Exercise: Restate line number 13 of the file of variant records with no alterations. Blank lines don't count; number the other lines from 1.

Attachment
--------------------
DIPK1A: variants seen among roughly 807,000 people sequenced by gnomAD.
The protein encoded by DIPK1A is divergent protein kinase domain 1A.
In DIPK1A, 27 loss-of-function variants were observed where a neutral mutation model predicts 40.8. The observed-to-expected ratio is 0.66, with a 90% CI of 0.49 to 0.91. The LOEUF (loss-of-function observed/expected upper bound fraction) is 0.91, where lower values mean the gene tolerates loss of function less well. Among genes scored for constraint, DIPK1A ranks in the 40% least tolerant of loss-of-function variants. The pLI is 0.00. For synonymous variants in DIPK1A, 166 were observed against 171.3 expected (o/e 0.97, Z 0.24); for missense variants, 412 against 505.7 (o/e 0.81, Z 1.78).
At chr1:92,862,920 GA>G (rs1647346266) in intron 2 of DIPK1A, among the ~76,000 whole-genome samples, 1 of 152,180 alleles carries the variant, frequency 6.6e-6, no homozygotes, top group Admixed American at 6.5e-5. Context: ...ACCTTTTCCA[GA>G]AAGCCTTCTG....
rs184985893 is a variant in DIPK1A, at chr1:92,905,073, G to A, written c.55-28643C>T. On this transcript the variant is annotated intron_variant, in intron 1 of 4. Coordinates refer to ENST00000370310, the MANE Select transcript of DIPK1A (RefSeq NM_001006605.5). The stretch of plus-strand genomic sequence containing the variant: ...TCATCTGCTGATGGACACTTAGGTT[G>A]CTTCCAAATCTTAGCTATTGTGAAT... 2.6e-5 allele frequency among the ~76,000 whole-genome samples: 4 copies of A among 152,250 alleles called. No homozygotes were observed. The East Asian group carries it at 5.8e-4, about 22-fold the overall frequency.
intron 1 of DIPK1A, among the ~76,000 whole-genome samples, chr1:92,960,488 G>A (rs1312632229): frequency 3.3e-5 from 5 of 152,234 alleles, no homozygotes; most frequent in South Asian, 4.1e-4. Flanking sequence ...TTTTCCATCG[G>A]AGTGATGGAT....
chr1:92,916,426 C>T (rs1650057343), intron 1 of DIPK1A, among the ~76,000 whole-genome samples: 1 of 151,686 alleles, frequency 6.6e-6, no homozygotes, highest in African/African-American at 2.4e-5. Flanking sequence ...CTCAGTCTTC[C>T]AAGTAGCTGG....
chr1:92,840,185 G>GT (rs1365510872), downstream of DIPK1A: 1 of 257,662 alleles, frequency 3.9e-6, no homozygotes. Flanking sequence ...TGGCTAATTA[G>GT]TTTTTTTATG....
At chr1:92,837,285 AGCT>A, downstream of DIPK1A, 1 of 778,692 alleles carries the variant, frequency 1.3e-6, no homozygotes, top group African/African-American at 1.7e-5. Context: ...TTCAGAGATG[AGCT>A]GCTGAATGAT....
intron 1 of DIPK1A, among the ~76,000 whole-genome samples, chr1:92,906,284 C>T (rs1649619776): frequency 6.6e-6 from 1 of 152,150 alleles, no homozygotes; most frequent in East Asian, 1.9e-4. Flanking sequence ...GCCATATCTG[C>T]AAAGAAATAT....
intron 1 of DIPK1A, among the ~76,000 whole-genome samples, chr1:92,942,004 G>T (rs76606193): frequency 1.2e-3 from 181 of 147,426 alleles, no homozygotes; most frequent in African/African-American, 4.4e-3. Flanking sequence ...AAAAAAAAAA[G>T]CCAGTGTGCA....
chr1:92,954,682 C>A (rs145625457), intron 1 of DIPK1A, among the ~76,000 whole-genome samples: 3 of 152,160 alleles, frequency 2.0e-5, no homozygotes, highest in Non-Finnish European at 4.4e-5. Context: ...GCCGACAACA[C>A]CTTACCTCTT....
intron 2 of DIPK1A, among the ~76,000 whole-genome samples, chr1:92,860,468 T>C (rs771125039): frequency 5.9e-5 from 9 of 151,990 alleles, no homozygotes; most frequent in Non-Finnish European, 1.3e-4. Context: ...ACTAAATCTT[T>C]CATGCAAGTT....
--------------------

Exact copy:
intron 2 of DIPK1A, among the ~76,000 whole-genome samples, chr1:92,860,468 T>C (rs771125039): frequency 5.9e-5 from 9 of 151,990 alleles, no homozygotes; most frequent in Non-Finnish European, 1.3e-4. Context: ...ACTAAATCTT[T>C]CATGCAAGTT....